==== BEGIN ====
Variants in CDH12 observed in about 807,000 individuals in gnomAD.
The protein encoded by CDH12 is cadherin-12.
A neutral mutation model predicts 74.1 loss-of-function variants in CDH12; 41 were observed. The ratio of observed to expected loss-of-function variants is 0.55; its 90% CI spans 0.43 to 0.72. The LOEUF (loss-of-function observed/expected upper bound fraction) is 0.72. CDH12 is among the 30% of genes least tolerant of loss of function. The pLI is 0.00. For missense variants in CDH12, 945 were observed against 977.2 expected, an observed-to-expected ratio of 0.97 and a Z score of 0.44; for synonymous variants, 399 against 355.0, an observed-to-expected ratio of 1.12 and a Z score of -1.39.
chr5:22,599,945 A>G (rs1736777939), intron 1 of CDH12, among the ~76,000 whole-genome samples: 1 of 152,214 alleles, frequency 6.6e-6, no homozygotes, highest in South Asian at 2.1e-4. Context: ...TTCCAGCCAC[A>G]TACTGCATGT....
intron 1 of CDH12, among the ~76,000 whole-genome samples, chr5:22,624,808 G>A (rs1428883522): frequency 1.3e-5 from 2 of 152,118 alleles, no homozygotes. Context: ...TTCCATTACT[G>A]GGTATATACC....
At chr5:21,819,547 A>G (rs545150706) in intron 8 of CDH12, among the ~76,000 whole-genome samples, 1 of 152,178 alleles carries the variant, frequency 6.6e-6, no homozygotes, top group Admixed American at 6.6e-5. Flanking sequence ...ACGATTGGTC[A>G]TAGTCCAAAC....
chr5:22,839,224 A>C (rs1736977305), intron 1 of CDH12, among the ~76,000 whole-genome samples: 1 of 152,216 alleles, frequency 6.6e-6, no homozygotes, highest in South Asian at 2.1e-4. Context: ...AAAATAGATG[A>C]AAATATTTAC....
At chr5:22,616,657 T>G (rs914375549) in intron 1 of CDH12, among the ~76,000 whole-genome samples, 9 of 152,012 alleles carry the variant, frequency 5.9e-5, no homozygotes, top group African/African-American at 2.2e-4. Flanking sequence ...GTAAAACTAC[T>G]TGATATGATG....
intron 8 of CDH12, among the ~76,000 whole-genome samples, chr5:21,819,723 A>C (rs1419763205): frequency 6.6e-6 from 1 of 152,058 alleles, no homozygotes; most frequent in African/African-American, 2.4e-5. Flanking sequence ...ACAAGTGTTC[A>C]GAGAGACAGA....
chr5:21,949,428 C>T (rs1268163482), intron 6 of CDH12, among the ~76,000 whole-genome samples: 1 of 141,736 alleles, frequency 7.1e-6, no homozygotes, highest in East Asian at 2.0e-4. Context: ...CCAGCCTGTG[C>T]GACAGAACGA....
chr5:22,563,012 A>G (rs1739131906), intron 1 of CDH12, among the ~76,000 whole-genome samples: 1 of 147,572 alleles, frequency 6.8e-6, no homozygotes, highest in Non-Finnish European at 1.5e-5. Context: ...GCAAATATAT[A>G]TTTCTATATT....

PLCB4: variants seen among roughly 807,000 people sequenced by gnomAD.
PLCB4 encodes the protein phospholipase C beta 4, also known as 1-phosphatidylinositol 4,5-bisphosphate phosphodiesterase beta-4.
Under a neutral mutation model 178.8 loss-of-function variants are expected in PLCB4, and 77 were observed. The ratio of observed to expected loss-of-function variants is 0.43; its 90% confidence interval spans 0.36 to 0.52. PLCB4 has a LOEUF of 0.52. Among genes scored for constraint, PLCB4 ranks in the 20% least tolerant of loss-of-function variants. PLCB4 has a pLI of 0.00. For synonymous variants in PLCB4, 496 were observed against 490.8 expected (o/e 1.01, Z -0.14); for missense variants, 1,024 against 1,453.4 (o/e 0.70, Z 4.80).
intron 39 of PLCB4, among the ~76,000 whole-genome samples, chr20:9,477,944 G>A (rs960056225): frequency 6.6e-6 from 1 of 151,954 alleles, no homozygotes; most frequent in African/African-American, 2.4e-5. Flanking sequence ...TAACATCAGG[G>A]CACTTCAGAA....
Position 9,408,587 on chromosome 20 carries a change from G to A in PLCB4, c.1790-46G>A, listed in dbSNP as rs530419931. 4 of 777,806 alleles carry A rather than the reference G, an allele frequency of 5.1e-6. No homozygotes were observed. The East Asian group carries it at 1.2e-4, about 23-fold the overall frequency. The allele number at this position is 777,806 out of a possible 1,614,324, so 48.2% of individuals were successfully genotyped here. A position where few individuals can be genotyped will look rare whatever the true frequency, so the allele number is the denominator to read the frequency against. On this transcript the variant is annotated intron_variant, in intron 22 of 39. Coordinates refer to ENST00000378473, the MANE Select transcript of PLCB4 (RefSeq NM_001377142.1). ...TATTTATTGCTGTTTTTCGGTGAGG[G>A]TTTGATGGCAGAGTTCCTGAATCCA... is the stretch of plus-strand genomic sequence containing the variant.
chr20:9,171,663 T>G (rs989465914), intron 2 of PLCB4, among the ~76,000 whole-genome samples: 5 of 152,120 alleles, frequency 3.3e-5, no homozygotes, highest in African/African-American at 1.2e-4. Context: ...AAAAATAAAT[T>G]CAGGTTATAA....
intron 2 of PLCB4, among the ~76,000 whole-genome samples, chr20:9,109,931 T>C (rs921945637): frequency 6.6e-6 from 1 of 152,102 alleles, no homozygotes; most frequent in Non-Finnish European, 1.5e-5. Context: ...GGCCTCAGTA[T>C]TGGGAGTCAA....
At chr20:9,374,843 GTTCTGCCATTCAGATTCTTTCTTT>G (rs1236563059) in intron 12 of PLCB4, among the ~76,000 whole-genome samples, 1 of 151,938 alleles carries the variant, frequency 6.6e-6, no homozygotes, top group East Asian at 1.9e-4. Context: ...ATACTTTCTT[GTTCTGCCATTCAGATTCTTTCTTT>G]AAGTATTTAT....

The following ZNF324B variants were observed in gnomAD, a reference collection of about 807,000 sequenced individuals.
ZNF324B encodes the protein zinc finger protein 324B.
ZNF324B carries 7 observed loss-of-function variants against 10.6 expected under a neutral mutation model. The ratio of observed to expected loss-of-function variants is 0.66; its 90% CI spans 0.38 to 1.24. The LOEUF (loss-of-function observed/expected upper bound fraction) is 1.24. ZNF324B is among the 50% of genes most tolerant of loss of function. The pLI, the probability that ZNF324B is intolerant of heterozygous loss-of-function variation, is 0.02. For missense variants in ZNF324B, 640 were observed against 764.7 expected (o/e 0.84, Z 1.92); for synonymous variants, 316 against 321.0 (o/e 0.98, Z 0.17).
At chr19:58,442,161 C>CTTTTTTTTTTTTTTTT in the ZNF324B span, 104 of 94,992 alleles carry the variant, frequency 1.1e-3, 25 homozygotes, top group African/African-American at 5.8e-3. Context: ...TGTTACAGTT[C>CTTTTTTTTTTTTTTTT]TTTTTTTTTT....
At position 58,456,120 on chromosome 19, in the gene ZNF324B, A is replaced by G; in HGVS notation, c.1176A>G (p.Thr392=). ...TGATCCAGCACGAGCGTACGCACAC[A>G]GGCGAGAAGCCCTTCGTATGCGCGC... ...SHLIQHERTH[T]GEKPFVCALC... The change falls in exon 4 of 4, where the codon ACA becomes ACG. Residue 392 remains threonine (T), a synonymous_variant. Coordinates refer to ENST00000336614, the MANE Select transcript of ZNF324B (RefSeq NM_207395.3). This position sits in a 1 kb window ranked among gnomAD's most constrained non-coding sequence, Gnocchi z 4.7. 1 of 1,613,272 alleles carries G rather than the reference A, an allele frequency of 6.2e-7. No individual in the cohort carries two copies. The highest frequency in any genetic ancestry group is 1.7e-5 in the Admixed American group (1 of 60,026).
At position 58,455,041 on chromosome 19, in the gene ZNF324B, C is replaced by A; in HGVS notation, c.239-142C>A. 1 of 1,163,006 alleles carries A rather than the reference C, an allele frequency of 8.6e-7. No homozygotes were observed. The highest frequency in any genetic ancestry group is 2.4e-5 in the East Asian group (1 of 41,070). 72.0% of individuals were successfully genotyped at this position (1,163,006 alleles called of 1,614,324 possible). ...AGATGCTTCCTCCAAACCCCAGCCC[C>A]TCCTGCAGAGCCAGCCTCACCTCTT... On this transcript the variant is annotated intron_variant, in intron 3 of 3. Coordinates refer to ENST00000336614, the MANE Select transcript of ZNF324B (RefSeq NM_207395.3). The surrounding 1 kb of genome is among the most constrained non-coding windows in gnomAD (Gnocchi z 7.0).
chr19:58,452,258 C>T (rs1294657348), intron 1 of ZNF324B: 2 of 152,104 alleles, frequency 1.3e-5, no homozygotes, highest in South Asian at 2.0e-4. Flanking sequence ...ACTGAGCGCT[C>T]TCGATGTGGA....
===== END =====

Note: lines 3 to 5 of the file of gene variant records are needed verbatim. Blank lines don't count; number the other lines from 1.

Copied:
A neutral mutation model predicts 74.1 loss-of-function variants in CDH12; 41 were observed. The ratio of observed to expected loss-of-function variants is 0.55; its 90% CI spans 0.43 to 0.72. The LOEUF (loss-of-function observed/expected upper bound fraction) is 0.72. CDH12 is among the 30% of genes least tolerant of loss of function. The pLI is 0.00. For missense variants in CDH12, 945 were observed against 977.2 expected, an observed-to-expected ratio of 0.97 and a Z score of 0.44; for synonymous variants, 399 against 355.0, an observed-to-expected ratio of 1.12 and a Z score of -1.39.
chr5:22,599,945 A>G (rs1736777939), intron 1 of CDH12, among the ~76,000 whole-genome samples: 1 of 152,214 alleles, frequency 6.6e-6, no homozygotes, highest in South Asian at 2.1e-4. Context: ...TTCCAGCCAC[A>G]TACTGCATGT....
intron 1 of CDH12, among the ~76,000 whole-genome samples, chr5:22,624,808 G>A (rs1428883522): frequency 1.3e-5 from 2 of 152,118 alleles, no homozygotes. Context: ...TTCCATTACT[G>A]GGTATATACC....